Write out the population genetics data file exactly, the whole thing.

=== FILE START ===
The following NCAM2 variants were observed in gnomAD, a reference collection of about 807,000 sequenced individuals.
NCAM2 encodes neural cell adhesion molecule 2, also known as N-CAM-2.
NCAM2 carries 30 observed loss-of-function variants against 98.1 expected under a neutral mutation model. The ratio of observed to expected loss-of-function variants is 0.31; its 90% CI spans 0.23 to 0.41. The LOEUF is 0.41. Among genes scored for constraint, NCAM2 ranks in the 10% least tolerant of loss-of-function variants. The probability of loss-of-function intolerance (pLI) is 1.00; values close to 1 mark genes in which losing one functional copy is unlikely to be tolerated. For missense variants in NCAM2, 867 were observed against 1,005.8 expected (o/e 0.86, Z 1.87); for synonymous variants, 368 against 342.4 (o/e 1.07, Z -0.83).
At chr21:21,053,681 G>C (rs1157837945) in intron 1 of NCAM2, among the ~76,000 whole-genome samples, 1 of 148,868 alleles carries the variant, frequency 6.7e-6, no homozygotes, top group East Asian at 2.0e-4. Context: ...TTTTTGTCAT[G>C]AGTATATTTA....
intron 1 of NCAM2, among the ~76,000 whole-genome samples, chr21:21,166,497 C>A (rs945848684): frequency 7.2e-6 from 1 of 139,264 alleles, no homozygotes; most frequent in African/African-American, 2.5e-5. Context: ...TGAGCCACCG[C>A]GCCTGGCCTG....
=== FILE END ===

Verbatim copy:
The following NCAM2 variants were observed in gnomAD, a reference collection of about 807,000 sequenced individuals.
NCAM2 encodes neural cell adhesion molecule 2, also known as N-CAM-2.
NCAM2 carries 30 observed loss-of-function variants against 98.1 expected under a neutral mutation model. The ratio of observed to expected loss-of-function variants is 0.31; its 90% CI spans 0.23 to 0.41. The LOEUF is 0.41. Among genes scored for constraint, NCAM2 ranks in the 10% least tolerant of loss-of-function variants. The probability of loss-of-function intolerance (pLI) is 1.00; values close to 1 mark genes in which losing one functional copy is unlikely to be tolerated. For missense variants in NCAM2, 867 were observed against 1,005.8 expected (o/e 0.86, Z 1.87); for synonymous variants, 368 against 342.4 (o/e 1.07, Z -0.83).
At chr21:21,053,681 G>C (rs1157837945) in intron 1 of NCAM2, among the ~76,000 whole-genome samples, 1 of 148,868 alleles carries the variant, frequency 6.7e-6, no homozygotes, top group East Asian at 2.0e-4. Context: ...TTTTTGTCAT[G>C]AGTATATTTA....
intron 1 of NCAM2, among the ~76,000 whole-genome samples, chr21:21,166,497 C>A (rs945848684): frequency 7.2e-6 from 1 of 139,264 alleles, no homozygotes; most frequent in African/African-American, 2.5e-5. Context: ...TGAGCCACCG[C>A]GCCTGGCCTG....